Technological developments in microscopy have made cell biology a quantitative and data intensive discipline with many computational challenges.
Technological developments in microscopy have made cell biology a quantitative and data intensive discipline with many computational challenges. In particular, CBBCS activities involve:
CBBCS applies statistical and machine learning methods to extract biologically-relevant and interpretable insights from image-derived data and helps integrate omics-type data for effective interpretation of image-derived data.
With increasing requirements for making research data publicly available under the FAIR principles, CBBCS helps organise data for public release, assists with submitting data to suitable public repositories and setting up dedicated publicly accessible resources to support publications.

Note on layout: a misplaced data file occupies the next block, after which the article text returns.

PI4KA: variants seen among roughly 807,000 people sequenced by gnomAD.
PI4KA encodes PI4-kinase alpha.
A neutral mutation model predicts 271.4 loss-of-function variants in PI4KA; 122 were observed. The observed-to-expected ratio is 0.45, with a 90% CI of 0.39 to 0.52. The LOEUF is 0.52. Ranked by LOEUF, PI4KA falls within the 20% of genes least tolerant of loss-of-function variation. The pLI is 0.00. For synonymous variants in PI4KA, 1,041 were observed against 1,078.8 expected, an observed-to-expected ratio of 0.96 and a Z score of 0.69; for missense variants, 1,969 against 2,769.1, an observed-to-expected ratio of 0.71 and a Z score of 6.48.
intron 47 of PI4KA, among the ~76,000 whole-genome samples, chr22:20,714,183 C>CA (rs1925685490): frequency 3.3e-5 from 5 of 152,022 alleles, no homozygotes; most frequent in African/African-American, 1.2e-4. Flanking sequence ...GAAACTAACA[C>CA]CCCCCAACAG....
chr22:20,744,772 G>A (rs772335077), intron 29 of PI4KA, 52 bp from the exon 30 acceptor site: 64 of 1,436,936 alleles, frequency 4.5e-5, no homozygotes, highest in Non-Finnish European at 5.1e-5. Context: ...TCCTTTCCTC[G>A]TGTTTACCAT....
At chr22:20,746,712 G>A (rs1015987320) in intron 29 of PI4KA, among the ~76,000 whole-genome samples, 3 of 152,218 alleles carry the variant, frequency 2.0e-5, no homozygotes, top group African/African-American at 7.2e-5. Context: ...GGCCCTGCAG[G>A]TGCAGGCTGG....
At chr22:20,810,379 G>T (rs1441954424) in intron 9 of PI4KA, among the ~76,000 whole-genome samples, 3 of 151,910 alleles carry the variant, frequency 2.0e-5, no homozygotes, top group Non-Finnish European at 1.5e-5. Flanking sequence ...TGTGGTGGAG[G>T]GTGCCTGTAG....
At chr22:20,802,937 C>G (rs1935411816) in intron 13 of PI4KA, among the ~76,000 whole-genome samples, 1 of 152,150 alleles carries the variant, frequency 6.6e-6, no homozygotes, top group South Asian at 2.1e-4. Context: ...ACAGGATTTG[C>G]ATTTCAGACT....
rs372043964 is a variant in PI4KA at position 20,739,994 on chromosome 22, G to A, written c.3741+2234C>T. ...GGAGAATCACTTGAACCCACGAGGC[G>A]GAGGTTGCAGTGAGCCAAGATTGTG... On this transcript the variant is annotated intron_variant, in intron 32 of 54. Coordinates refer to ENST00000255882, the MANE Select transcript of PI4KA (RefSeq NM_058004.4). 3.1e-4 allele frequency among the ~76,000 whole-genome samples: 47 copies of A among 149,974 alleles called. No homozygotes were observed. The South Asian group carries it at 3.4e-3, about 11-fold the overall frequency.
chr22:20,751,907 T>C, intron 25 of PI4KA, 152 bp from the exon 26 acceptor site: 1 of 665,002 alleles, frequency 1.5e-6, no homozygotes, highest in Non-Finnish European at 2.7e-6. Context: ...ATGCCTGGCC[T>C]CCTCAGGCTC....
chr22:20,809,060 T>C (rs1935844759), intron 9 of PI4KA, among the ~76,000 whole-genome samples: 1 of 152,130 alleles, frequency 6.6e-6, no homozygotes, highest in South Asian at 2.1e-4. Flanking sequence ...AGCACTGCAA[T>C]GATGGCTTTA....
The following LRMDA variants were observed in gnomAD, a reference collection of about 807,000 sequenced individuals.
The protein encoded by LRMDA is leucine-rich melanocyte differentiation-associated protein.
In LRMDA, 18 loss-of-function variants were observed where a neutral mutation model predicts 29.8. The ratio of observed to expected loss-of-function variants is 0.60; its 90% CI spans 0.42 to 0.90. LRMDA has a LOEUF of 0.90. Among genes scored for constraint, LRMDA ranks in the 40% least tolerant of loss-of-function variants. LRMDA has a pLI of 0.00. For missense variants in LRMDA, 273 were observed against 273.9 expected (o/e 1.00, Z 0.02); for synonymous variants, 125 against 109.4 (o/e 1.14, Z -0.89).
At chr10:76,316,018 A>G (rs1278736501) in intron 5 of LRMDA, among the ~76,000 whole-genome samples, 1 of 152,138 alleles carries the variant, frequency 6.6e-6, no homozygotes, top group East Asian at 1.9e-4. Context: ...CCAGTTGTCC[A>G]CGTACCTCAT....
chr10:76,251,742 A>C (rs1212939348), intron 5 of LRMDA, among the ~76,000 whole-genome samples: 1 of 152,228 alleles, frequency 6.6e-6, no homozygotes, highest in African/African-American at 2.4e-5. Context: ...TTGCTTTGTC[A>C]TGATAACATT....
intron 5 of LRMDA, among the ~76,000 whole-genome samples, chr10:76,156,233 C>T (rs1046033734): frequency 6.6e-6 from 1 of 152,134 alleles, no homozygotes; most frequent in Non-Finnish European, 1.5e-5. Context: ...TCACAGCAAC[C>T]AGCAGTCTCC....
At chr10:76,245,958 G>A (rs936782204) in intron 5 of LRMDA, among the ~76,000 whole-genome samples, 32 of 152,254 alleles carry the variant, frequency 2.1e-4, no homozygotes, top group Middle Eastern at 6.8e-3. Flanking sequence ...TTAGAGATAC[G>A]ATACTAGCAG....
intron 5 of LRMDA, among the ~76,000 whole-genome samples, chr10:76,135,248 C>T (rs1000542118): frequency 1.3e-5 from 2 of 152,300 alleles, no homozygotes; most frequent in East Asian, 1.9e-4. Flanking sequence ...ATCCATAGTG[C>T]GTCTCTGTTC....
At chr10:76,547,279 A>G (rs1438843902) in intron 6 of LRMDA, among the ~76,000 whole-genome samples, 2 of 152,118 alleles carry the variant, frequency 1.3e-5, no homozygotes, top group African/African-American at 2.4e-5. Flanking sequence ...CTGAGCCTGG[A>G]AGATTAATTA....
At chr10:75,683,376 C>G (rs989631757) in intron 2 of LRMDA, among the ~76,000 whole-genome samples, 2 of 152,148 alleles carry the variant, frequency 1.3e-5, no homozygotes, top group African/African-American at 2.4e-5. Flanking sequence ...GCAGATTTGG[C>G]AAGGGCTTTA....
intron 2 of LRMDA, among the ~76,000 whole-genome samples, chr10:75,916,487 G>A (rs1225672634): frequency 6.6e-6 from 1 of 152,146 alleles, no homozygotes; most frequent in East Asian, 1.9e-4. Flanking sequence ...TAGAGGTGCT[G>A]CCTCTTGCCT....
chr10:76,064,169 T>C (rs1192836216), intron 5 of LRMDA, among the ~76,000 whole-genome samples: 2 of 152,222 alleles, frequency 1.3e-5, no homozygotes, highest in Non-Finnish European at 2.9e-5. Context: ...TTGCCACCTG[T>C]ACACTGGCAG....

As projects increasingly cut across technologies and data types, CBBCS ensures that unit members have access to the relevant computational resources and expertise available in multiple EMBL support facilities and centres. In particular, CBBCS works with IT Services to implement compute resources that meet the needs of the unit.
CBBCS contributes to the development and teaching of various courses in computational biology provided by the EMBL Bio-IT community with the goal of making unit members better able to use available computational tools and implement their own computational solutions.
In this unit, physicists, chemists and biologists work closely together to elucidate the fundamental rules that govern dynamic cell organisation and function. At the same time, groups are developing new instruments and technologies in order to reach this ambitious goal.